By contrast, I started this year in the CC wave, only 10 minutes after the first wave. If my Garmin had me run 6.33 miles this year with only 8 waves ahead of me and minimal passing, it’s conceivable I ran 6.5 miles last year. For all I know, I ran the same true pace. If there’s a useful point to this, it’s that it’s important to be in an early qualified wave if you hope to meet a goal time. I expect to be able to enter in the C wave next year based on this year’s time, avoiding a few thousand more runners. Theoretically, my allotment into a qualified wave has me in a self-propelling spiral of faster times each year whilst only truly running the same pace. If you think I’m pulling your leg, I propose that if the gap between my Garmin time and the BB time is smaller next year, then there’s some possible truth to my bullshit. In fact, I suspect I could measure this gap now with other Garmin wearing runners who started in various waves. If you’re one of them, comment with your gap. My gap is .13 miles and a 10 second mile pace. I imagine there are diminishing negative returns, but I suspect this effect is measurable in the first 20 or so waves.
That’s really the biggest thing I got out of this year’s event – it made for some good discussion at the Gadget Girl’s post race Memorial Day BBQ. Other than that, nice running weather – the light rain felt good. Finishing in Folsom Stadium is always cool and I believe one of the key features that makes this event. And I think the new start works out much better. Parking is improved by an order of magnitude. More importantly, the first mile is no longer downhill. In past events, this would lead inexperienced runners to start too fast and then die on mile 2 which runs up Folsom. It’s difficult enough to maintain early pace discipline with 56,000 runners breathing down your neck. Now I believe, based on some of the times I’ve queried, many runners ran strong through the second mile and didn’t slow down until mile 3 – which is a tough one.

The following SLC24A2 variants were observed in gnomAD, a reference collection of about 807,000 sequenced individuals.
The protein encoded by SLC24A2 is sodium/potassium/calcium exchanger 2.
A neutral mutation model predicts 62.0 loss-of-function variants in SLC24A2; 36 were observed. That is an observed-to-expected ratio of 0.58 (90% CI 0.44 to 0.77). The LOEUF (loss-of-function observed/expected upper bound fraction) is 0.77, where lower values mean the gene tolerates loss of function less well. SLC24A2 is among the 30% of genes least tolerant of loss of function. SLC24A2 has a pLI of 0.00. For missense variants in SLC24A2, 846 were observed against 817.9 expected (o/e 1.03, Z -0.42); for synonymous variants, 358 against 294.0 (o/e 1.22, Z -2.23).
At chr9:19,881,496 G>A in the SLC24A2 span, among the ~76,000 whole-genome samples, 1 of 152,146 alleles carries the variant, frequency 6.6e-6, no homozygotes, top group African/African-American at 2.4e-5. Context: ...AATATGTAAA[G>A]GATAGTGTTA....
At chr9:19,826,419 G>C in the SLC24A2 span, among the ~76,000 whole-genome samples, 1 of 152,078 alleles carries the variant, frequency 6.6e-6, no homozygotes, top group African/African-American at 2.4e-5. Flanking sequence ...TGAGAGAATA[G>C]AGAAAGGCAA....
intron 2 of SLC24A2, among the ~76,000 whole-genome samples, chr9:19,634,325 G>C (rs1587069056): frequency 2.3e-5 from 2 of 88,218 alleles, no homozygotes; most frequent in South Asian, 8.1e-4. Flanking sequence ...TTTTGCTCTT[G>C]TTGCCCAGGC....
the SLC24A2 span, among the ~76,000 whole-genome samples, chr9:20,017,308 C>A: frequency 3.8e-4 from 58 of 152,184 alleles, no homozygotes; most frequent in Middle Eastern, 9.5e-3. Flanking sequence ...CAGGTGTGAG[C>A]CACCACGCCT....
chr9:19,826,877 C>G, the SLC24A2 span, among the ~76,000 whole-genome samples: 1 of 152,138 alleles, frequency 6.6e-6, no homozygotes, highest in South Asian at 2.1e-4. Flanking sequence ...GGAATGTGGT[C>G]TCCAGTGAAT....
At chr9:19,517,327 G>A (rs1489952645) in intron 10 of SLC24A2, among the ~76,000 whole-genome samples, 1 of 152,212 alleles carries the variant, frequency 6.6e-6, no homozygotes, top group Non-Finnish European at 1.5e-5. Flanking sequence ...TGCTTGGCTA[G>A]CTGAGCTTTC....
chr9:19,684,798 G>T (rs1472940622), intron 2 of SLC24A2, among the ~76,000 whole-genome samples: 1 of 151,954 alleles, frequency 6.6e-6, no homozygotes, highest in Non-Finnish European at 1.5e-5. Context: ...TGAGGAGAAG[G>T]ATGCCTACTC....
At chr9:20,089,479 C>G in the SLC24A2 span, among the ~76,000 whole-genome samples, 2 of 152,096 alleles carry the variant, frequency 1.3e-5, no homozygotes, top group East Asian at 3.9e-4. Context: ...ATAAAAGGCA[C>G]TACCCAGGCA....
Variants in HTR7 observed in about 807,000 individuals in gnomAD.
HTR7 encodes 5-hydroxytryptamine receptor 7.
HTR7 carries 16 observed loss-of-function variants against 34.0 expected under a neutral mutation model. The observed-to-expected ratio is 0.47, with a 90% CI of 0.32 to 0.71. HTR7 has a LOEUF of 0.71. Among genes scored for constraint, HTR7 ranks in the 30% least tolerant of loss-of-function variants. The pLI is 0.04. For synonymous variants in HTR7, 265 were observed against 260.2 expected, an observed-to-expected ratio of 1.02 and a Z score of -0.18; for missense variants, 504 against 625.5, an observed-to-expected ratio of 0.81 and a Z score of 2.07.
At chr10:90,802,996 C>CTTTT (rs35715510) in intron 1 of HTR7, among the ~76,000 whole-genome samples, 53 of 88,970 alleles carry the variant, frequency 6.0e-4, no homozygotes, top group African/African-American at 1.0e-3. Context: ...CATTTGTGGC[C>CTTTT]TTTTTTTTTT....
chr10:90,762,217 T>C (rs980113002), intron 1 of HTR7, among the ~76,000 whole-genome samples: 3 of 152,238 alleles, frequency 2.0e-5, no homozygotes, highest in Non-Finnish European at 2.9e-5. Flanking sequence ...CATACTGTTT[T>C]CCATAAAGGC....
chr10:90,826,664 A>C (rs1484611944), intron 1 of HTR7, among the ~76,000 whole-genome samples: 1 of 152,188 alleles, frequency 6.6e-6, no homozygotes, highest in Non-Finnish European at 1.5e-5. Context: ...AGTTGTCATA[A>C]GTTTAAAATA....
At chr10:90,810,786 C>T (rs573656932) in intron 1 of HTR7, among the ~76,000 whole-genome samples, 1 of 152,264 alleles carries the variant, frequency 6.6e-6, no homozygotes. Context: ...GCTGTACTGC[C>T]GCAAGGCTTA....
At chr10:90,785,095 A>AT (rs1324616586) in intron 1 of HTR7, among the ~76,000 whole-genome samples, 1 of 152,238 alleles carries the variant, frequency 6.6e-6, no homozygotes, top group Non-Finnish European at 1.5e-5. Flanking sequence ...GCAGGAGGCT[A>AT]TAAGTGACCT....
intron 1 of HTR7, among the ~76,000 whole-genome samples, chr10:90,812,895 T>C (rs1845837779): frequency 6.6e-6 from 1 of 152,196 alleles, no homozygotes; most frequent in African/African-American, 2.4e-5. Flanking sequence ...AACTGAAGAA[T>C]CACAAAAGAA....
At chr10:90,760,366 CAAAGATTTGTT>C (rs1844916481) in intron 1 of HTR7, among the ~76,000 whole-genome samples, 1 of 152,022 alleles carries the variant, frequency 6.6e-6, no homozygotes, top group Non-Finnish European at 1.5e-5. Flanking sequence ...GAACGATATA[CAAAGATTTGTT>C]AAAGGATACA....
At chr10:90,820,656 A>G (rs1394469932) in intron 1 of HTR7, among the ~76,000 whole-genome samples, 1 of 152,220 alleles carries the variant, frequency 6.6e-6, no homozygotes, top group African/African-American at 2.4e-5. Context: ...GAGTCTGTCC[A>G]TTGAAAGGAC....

My personal race experience is best illustrated in the pace chart near the top of this blog. It shows me running an extremely even pace – I didn’t just average 7:46 per mile, I ran within a few seconds of that time each mile. You might think I’ve been running for so long that perhaps I don’t know a different pace. There’s a little truth to that, but trust me when I tell you this is fast for me. My training pace is closer to 8:30. So I’m happy that I did in fact race this event by pushing myself. I had two concerns toward this. I was fairly certain I could run a 7:30 pace after warming up. But I didn’t know if I could start off that fast. And I was concerned I might start off too quickly by following the crowd. I discovered however that many of the runners in my wave were experienced enough – God knows they looked a lot more athletic than me – to control their starting pace. So being able to begin with a 7:45 mile and then maintain that pace has me quite pleased with my performance. I had a smile on my face the rest of the day. I can tell you though, while my legs felt strong the entire run, my weak-assed stomach got in my way when I wanted to turn on the jets in mile 5. I’ve given up on trimming it down much more, but some situps are in order. I could do that while I’m not running.